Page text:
Ebola is one of the deadliest diseases on Earth, with a fatality rate as high as 90%. It’s among a handful of illnesses so dangerous that governments consider them threats to national security. An epidemic in West Africa that began in late 2013 and died down in 2016 killed more than 11,000 people, exceeding the counts from all previous waves combined. Worries are rising again.

1. What’s causing alarms?

A new outbreak in the Democratic Republic of Congo that began in August 2018 has infected more than 2,000 people and killed more than 1,300. Several cases were confirmed in neighboring Uganda in June, raising fears again of a wider contagion. Ebola disease is endemic to Congo, meaning it’s constantly present but generally under control. The International Federation of Red Cross and Red Crescent Societies says the latest outbreak has reached a tipping point, with as many as 20 new cases being reported each day, and efforts to combat it need to be drastically scaled up.

2. How’s that going?

Containment efforts have been hindered by a lack of health-care infrastructure and attacks by armed groups. The World Health Organization says security has improved since the start of 2019, giving response teams better access to affected communities. While the WHO has seen early signs that the number of new cases is slowing, it expects further waves of infections.

3. Where does Ebola come from?

Scientists say the virus that causes Ebola jumps to humans through contact with secretions from animals such as chimpanzees, gorillas and bats that are infected with it. The virus passes among people through direct contact with the bodily fluids of someone who is infected with the disease or has died from it. Medical workers and family members are the most at risk. Ebola doesn’t travel through the air, making it less easily transmitted than many other pathogens, as long as proper health-care practices are followed.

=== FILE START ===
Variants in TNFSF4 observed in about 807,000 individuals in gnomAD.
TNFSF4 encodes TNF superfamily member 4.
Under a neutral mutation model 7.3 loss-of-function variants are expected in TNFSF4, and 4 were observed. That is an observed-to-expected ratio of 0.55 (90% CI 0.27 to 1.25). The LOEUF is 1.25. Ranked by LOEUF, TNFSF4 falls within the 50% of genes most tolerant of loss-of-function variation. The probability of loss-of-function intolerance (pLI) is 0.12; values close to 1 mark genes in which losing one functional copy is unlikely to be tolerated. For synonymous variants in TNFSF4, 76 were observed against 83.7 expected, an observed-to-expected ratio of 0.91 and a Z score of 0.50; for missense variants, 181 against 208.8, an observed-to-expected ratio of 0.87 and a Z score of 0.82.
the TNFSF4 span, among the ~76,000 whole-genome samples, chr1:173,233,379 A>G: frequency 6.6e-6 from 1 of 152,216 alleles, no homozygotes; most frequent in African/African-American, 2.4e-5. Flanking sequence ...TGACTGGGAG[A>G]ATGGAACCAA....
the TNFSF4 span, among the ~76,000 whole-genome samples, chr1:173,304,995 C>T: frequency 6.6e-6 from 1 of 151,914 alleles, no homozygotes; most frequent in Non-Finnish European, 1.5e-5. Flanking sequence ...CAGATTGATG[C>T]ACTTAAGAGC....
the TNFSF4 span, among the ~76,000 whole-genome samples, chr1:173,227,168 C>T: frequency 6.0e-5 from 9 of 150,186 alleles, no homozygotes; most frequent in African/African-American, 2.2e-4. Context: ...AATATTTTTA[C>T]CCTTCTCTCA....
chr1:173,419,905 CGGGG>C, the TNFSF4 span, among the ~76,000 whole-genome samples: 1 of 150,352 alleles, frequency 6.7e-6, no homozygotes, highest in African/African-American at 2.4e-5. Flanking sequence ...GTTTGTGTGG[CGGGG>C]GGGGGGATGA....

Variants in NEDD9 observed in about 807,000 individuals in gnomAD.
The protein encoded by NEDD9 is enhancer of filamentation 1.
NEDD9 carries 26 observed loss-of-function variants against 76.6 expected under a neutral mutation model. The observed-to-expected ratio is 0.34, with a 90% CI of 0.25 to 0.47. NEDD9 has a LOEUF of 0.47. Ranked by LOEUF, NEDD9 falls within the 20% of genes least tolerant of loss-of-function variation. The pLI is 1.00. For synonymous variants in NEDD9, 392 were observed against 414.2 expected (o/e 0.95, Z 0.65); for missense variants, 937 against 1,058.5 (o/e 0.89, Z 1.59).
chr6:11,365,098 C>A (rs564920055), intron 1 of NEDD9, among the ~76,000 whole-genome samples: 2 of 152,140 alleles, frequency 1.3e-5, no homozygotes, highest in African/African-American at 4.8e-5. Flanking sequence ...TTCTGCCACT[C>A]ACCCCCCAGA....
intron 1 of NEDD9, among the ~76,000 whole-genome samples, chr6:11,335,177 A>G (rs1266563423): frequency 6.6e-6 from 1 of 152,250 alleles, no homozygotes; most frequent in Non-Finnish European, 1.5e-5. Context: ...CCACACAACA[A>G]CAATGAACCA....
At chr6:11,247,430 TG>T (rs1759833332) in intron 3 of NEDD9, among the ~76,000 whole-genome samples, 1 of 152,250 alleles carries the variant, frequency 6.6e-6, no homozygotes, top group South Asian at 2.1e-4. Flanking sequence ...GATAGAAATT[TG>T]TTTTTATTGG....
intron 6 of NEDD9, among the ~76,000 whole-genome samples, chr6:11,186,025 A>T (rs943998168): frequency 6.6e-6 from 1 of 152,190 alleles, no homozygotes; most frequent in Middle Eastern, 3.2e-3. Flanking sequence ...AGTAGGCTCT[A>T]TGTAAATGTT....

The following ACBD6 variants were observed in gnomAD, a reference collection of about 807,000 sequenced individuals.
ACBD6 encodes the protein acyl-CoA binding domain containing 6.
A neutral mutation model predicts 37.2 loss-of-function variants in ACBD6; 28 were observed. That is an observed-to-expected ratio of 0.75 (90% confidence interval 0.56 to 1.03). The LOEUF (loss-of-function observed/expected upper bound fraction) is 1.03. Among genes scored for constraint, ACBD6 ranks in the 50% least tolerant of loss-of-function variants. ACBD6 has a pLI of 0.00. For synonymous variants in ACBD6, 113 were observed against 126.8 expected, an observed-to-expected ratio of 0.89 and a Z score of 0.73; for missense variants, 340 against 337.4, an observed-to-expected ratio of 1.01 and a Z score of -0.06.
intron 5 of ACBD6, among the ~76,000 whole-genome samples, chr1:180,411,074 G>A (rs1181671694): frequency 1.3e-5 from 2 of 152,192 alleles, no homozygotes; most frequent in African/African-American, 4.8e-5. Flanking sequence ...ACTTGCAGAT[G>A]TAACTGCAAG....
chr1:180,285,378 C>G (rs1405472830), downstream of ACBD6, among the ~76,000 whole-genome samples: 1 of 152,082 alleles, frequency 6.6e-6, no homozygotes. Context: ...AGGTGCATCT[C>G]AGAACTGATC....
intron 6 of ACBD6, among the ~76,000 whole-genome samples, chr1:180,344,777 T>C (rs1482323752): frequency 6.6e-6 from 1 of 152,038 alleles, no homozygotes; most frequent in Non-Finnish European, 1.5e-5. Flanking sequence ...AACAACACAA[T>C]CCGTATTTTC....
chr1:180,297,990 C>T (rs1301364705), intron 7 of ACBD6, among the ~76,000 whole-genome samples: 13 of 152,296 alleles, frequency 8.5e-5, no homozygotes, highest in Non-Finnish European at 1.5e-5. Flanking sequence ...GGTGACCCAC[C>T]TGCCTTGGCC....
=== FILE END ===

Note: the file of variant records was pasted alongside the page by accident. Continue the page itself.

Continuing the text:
4. How does it affect people?

According to the WHO, symptoms of Ebola can include fever, fatigue, muscle pain, sore throat and headache, followed by diarrhea, vomiting and sometimes bleeding inside and outside the body. It damages the immune system and organs, leading to massive internal bleeding and death from multi-organ failure and shock.

5. Is it treatable or preventable?

There are no specific drugs for treating Ebola. Tackling symptoms early on increases the patient’s chances of survival. This includes administering fluids and body salts intravenously to prevent dehydration, providing oxygen, and using drugs to support blood pressure and control vomiting and diarrhea. An experimental vaccine produced by Merck & Co. has proved effective in human trials at fending off the disease. It has not yet been licensed anywhere, but Congo’s government has approved the drug for use in the face of the current outbreak.

6. How far could it spread?

A committee of the WHO determined in April that conditions for what it calls a Public Health Emergency of International Concern had not yet been met. In the previous big epidemic, Ebola spread from three epicenter countries -- Guinea, Liberia and Sierra Leone -- to Nigeria, Senegal and Mali. And, for the first time, Ebola infection occurred outside Africa. That provoked panic in the U.S. and Europe, but in all there were just 11 cases and one death from Ebola there.

--With assistance from William Clowes and Paul Richardson.

To contact the reporters on this story: Albertina Torsoli in Geneva at atorsoli@bloomberg.net;Mike Cohen in Cape Town at mcohen21@bloomberg.net

To contact the editors responsible for this story: Karl Maier at kmaier2@bloomberg.net, Andy Reinhardt, Paul Richardson

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